When you think of cute, cuddly animals, reptiles are probably towards the bottom of the list. And it's not often that lizards and crocodiles grace the pages of annual calendars, right?
Despite the fact that they're scaly, slithery and, often, love to eat bugs, reptiles can actually be pretty darn cute! Don't believe us? Check out these reptiles that will instantly make your terrarium cuter.
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Snakes. Most people are terrified of them (because they were a threat to our early ancestors and the way they move is just so unnatural to us, according to some theories). Indiana Jones seriously just does not want to deal with them. And cats will absolutely lose it if they come across a snake (or anything remotely resembling a snake, like cucumbers). But tiny and non-threatening snakes—like garter snakes—are actually kind of cute.
Widely available in pet stores and suppliers all over America, garter snakes are some of the most commonly kept snakes in the country. And although they're constrictors, their small size will prevent them from destroying the plants and structures in their tanks.Continue to 2 of 8 below.
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They carry their homes on their backs, can live for up to 50 years and make excellent protagonists in childhood fables (okay, it was a tortoise, but still). And despite their sharp beaks, rough, scaly skin and tiny, pointed claws, a box turtle can make a pretty darn cute addition to your terrarium.
Although they can be a little bit more difficult to care for, box turtles make some cute and seriously long-term reptilian companions.Continue to 3 of 8 below.
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Despite their bulging eyes and preferred diet of crickets, mealworms, and waxworms, the crested gecko's goofy smile and tiny little hands (just look at them! They're so tiny!) make them some of the cutest reptiles that can be kept as pets.
Crested geckos were thought to be extinct, but were "rediscovered" back in 1994. Since then, their low maintenance care and funny personalities have made them extremely popular pets. Because they're super simple to care for, crested geckos make excellent pets for kiddos or beginner reptile pet parents.Continue to 4 of 8 below.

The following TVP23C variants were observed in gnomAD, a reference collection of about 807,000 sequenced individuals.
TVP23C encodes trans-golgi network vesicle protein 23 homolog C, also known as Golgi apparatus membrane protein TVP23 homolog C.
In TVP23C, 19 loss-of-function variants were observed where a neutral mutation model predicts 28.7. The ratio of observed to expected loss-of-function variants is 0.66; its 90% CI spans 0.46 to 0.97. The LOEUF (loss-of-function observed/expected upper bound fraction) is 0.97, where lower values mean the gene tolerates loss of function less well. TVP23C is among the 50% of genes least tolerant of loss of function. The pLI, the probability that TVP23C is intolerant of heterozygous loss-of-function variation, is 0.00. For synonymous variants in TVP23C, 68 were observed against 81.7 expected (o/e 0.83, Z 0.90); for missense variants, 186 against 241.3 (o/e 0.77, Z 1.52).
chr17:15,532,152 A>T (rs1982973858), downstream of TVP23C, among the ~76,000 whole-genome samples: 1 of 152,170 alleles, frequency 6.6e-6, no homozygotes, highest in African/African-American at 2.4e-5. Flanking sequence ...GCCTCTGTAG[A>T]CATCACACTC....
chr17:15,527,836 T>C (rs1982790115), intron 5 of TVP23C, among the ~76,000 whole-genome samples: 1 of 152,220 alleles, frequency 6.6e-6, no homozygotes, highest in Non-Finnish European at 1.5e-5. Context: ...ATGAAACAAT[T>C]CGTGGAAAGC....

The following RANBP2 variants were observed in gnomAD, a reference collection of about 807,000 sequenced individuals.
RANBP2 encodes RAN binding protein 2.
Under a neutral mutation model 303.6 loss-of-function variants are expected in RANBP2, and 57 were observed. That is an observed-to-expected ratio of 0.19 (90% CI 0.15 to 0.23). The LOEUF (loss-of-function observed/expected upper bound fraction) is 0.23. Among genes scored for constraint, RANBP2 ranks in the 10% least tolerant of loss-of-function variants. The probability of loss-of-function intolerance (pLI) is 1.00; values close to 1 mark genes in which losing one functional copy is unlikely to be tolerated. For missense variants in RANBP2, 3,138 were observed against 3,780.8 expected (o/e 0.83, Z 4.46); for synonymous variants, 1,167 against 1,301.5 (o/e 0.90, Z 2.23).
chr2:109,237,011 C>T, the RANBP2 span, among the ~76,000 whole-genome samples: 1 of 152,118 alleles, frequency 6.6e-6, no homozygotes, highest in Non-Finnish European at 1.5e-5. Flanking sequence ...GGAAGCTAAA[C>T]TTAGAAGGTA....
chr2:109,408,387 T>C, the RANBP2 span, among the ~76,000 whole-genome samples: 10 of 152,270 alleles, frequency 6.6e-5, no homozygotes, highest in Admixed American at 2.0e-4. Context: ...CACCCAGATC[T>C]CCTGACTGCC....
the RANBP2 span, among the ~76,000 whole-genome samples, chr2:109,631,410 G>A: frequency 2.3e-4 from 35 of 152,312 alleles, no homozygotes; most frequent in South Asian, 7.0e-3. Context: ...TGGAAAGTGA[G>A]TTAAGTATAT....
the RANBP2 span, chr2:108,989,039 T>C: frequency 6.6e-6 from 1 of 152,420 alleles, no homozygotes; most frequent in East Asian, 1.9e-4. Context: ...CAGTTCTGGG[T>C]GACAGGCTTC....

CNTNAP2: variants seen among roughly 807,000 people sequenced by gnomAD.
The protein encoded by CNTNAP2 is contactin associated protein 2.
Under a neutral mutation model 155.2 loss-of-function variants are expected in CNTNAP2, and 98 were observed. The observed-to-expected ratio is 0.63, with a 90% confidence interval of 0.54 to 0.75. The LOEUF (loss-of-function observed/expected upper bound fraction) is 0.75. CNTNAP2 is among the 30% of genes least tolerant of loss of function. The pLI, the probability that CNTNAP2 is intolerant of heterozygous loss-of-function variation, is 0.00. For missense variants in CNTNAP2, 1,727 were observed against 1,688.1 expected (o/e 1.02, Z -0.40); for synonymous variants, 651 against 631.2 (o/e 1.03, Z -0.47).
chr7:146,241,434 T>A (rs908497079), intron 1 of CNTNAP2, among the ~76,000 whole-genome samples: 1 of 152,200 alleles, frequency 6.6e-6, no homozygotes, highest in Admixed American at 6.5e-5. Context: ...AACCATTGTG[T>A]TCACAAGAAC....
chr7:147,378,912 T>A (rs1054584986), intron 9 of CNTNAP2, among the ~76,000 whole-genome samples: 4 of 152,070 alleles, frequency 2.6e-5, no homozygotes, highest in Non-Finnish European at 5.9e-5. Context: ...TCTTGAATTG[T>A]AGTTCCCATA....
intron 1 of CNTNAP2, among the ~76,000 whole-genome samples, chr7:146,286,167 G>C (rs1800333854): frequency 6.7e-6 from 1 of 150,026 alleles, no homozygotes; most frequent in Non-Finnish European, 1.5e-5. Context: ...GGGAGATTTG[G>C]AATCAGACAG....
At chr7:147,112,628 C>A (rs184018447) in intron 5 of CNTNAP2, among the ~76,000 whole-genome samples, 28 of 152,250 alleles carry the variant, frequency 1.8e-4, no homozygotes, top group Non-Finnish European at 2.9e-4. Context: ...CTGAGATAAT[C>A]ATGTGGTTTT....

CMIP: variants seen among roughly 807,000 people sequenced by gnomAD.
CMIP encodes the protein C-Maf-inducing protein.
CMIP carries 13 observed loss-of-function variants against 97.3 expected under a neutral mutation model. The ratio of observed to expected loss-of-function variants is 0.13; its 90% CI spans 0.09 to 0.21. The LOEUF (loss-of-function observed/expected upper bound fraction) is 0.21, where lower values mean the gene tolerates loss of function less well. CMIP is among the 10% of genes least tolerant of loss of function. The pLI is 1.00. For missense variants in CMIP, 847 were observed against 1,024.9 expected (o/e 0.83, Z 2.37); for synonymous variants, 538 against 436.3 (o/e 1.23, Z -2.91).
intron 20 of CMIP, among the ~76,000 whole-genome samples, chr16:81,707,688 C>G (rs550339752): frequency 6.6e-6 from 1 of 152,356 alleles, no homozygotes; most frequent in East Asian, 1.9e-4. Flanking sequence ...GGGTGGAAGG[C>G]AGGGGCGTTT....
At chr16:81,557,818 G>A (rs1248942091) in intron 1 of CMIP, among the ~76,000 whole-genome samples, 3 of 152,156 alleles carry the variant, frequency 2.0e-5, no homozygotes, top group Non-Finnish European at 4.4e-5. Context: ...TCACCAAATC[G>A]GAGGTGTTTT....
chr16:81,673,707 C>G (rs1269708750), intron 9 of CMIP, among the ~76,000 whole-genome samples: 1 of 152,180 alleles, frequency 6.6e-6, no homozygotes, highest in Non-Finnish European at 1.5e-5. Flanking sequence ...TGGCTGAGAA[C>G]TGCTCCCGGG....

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Did you know chameleons actually don't change color to blend into their environments? Rather, their colors can change from emotional responses (like fear or anger) or changes in the environment, like increased or decreased light, humidity and temperature.
And although there are 180 species of chameleons in the wild, only a few can be kept as pets—and they require a good bit of work. Unfortunately, chameleons aren't the best pick for the novice lizard owner, but if you've got the experience, they can make gorgeous (and fascinating) additions to the terrarium.Continue to 5 of 8 below.
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What do you get when you combine a creepy, slimy worm with a scaly, bug-eating lizard? The world's scariest creature? No way! More like a weirdly cute reptile that looks like they're straight outta the Kevin Bacon classic Tremors. But way less dangerous and blood-thirsty.
Found only in a few parts of Florida, worm lizards are very similar to earthworms—they burrow in the soil and have segmented bodies—but they're actually part of the reptile group Amphisbaenia.Continue to 6 of 8 below.
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What's tiny, spotted all over and your new favorite reptile? Leopard geckos! These exotic-looking guys love to nom on crickets and mealworms and bask in direct light—in fact, they need about 12 hours of visible light every day. And when properly cared for, leopard geckos can live up to a whopping 20 years.
Generally docile and easy to tame, leopard geckos make perfect picks for beginners.Continue to 7 of 8 below.
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There are a few reasons we love softshell turtles: Their, ahem, interesting appearance is like a cross between an extraterrestrial being and a video game character, their snouts look like tiny snorkels and they're often referred to as—wait for it—pancake turtles!
Softshell turtles differ from regular turtles because—you guessed it—they don't have hard exterior shells. And because their shells aren't as hardy and resistant to bacteria, softshell turtles in captivity can often have some shell issues. You can avoid these problems by cleaning the water in your tank often and exposing their shells to natural sunlight or artificial full-spectrum light—it's believed that light exposure can help keep harmful bacteria at bay.Continue to 8 of 8 below.
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Okay, corn snakes may constrict their prey into submission and love eating mice, but their calm nature, reluctance to bite and manageable size make them a super popular pet in the United States. Their cute little smiles don't hurt, either.
If you've never had a pet snake before, you might want to consider a corn snake. They're pretty low maintenance and don't grow into large adults.